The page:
Tuesday, April 7, 2009
Ta Mok, the infamous one-legged KR commander, known for good reason as The Butcher. He died in custody in 2006. His personal fiefdom in the final years of the Khmer Rouge movement was in and around Anlong Veng in northern Cambodia. He ruled it with an iron-fist (just ask Pol Pot, oh sorry, you can't) as well as a deft-touch, judging by the schools and a hospital he apparently set up. I was there a couple of weeks ago and visited his large house in the middle of town, which is one of the main sights on the Anlong Veng 'tourist circuit', as well as his tomb and his retreat on top of the nearby escarpment. At the townhouse, which he built in 1994, the now-bare rooms reveal little of the man or the movement except a series of almost primitive wall-paintings that remain, surprisingly unscathed by graffiti. When his stronghold was overrun by the army they collected over sixty pieces of ancient Angkorean sculpture and transferred them to the Angkor Conservation depot in Siem Reap. Large sandstone blocks stolen from various temple sites still litter the yard of the townhouse. The paintings on display show an elongated Preah Vihear on the ground floor, Angkor Wat, a map of the country and an idyllic view of the Cambodian countryside. These rooms once hosted the KR hierarchy in the death throes of a movement that finally came to grief in 1998, including the trial and death of their former feared ruler Pol Pot. You can find many people in Anlong Veng who recall Ta Mok's memory with reverence, you can find a lot more that wish he had survived to face justice at the current trials. But fate is sometimes not that kind or just.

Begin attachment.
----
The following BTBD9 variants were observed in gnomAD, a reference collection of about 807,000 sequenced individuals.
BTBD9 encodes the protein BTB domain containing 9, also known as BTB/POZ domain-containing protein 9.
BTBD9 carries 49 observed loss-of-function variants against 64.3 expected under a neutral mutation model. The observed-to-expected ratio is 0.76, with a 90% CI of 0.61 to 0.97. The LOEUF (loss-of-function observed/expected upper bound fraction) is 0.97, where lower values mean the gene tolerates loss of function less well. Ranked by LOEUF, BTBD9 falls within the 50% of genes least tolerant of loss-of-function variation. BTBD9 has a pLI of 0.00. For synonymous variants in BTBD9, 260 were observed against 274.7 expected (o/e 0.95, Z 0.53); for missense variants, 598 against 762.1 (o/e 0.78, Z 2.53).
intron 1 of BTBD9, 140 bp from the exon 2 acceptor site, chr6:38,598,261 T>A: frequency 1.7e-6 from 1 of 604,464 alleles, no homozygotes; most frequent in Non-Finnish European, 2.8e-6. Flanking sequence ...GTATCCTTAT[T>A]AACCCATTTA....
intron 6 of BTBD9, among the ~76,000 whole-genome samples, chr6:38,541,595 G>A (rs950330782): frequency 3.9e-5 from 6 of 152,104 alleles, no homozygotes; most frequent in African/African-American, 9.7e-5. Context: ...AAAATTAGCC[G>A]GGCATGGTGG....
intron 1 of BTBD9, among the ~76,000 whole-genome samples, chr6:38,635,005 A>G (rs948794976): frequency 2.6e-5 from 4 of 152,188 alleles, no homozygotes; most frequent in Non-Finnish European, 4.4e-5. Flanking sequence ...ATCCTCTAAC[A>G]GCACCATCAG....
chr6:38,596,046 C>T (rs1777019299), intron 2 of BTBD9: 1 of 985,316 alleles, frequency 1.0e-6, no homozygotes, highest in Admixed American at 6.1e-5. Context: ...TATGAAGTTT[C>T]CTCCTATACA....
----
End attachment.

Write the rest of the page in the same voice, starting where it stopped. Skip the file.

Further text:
The painter of ths 1st gopura at Preah Vihear was a little limited on providing perspective in his artwork
Presumably Preah Vihear was a favourite temple of Ta Mok - it was certainly a temple that was in KR hands for long periods
The 5th gopura at Preah Vihear shown in its mountainous location in this wall-painting on the ground floor of Ta Mok's townhouse
Perhaps important strategy decisions were taken using this wall-painted country map on the 1st floor of Ta Mok's home
An idyllic countryside scene that never existed under the Khmer Rouge - they would've killed all these animals for their meat